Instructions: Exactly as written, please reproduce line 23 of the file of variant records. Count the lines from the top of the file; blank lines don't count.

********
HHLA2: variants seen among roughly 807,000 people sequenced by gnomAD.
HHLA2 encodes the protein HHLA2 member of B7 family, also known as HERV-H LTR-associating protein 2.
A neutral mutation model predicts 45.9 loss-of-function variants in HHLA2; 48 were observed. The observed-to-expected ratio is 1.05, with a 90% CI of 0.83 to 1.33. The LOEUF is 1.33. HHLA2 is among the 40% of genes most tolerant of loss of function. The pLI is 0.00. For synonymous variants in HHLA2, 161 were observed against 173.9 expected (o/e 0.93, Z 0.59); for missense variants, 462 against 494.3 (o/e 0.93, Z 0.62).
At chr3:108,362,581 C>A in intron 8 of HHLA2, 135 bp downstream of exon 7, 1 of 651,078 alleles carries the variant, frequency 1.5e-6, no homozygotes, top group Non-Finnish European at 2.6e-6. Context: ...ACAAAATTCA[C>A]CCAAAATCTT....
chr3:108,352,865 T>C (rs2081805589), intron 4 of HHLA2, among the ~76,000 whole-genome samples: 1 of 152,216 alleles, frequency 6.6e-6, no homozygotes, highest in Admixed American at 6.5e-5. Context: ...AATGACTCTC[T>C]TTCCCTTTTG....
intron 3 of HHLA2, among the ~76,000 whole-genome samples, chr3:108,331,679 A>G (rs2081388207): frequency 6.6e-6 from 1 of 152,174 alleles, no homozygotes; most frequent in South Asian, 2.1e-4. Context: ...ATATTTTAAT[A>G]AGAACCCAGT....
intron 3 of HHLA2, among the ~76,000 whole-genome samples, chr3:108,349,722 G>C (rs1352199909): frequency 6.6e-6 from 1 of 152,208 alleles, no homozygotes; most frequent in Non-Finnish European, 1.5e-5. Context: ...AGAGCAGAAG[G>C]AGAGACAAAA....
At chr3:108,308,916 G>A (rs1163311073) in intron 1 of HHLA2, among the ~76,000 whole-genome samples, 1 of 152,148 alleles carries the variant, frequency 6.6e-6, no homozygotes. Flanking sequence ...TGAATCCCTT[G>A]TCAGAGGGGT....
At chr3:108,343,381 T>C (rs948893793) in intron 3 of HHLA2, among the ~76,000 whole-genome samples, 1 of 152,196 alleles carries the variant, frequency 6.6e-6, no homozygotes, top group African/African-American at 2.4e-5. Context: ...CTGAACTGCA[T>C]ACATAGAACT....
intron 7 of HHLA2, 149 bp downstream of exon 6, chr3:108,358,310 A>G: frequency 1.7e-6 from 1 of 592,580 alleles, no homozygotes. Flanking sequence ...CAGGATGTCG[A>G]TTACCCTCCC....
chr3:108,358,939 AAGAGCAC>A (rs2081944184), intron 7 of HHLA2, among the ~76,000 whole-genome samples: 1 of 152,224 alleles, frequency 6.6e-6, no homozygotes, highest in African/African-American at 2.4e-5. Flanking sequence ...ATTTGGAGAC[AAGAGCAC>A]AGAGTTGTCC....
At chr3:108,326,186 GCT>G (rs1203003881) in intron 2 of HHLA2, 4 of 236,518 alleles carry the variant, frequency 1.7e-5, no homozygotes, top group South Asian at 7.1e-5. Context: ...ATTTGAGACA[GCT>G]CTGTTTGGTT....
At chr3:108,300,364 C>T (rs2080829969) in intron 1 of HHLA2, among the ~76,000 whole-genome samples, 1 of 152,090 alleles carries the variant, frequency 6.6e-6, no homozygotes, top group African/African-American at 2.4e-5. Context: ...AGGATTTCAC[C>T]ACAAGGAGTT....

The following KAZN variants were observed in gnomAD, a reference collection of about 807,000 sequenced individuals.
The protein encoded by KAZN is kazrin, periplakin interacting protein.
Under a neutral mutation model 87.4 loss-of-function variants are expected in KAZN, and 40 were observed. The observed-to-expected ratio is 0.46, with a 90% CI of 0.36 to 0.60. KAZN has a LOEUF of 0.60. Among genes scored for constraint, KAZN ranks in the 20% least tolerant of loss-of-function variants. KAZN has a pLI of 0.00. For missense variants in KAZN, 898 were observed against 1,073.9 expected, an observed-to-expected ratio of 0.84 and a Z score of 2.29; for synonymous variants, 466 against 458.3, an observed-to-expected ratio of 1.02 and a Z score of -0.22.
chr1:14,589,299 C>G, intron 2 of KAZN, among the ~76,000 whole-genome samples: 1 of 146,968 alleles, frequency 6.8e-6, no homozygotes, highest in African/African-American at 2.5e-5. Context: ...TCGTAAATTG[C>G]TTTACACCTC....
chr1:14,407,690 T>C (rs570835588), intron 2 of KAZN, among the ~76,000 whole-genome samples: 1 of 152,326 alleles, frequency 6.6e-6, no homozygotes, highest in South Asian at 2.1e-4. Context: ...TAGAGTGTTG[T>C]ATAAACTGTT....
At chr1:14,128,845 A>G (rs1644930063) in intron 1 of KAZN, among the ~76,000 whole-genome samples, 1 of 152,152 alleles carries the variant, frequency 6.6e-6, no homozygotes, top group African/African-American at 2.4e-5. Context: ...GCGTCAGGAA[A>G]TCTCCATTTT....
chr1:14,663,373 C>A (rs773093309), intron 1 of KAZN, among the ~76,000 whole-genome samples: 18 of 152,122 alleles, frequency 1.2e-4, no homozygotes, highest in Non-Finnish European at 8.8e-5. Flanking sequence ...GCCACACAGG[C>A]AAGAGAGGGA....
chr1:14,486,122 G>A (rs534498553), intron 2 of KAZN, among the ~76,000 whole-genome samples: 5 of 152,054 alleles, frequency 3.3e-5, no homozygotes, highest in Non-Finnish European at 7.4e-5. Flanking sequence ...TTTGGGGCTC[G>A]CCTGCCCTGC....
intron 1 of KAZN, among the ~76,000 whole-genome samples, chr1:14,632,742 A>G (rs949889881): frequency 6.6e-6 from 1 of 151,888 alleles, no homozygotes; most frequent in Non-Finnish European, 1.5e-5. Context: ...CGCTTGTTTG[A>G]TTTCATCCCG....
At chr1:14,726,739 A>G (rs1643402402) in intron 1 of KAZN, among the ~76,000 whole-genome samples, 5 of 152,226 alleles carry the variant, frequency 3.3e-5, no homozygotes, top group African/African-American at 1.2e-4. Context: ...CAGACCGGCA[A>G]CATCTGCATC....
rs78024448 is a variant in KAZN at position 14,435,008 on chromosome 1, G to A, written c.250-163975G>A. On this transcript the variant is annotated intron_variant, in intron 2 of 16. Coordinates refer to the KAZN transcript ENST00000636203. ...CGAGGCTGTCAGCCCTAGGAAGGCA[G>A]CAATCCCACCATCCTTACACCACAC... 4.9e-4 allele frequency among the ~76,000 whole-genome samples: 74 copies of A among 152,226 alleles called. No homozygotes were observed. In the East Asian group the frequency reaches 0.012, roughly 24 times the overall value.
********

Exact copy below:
At chr1:14,726,739 A>G (rs1643402402) in intron 1 of KAZN, among the ~76,000 whole-genome samples, 5 of 152,226 alleles carry the variant, frequency 3.3e-5, no homozygotes, top group African/African-American at 1.2e-4. Context: ...CAGACCGGCA[A>G]CATCTGCATC....